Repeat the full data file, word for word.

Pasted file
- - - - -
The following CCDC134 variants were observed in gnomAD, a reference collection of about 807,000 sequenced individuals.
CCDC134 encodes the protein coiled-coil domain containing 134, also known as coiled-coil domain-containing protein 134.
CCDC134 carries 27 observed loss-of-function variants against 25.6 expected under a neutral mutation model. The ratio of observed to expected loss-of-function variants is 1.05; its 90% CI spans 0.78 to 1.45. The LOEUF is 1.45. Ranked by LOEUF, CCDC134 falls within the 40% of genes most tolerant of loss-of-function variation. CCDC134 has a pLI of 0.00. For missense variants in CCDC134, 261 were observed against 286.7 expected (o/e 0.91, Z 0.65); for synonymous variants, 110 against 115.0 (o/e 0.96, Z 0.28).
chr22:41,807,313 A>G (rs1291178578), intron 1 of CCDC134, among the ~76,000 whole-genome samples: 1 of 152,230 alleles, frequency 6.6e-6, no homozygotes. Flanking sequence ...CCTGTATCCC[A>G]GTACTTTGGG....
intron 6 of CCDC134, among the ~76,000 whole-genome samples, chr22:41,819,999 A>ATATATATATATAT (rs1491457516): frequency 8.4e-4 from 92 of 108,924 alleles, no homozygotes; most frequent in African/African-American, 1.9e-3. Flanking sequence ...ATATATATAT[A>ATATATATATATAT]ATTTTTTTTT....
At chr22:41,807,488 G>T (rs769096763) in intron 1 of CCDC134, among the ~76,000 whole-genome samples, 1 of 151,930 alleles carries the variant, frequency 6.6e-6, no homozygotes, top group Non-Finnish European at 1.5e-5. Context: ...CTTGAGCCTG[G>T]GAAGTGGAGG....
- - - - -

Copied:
The following CCDC134 variants were observed in gnomAD, a reference collection of about 807,000 sequenced individuals.
CCDC134 encodes the protein coiled-coil domain containing 134, also known as coiled-coil domain-containing protein 134.
CCDC134 carries 27 observed loss-of-function variants against 25.6 expected under a neutral mutation model. The ratio of observed to expected loss-of-function variants is 1.05; its 90% CI spans 0.78 to 1.45. The LOEUF is 1.45. Ranked by LOEUF, CCDC134 falls within the 40% of genes most tolerant of loss-of-function variation. CCDC134 has a pLI of 0.00. For missense variants in CCDC134, 261 were observed against 286.7 expected (o/e 0.91, Z 0.65); for synonymous variants, 110 against 115.0 (o/e 0.96, Z 0.28).
chr22:41,807,313 A>G (rs1291178578), intron 1 of CCDC134, among the ~76,000 whole-genome samples: 1 of 152,230 alleles, frequency 6.6e-6, no homozygotes. Flanking sequence ...CCTGTATCCC[A>G]GTACTTTGGG....
intron 6 of CCDC134, among the ~76,000 whole-genome samples, chr22:41,819,999 A>ATATATATATATAT (rs1491457516): frequency 8.4e-4 from 92 of 108,924 alleles, no homozygotes; most frequent in African/African-American, 1.9e-3. Flanking sequence ...ATATATATAT[A>ATATATATATATAT]ATTTTTTTTT....
At chr22:41,807,488 G>T (rs769096763) in intron 1 of CCDC134, among the ~76,000 whole-genome samples, 1 of 151,930 alleles carries the variant, frequency 6.6e-6, no homozygotes, top group Non-Finnish European at 1.5e-5. Context: ...CTTGAGCCTG[G>T]GAAGTGGAGG....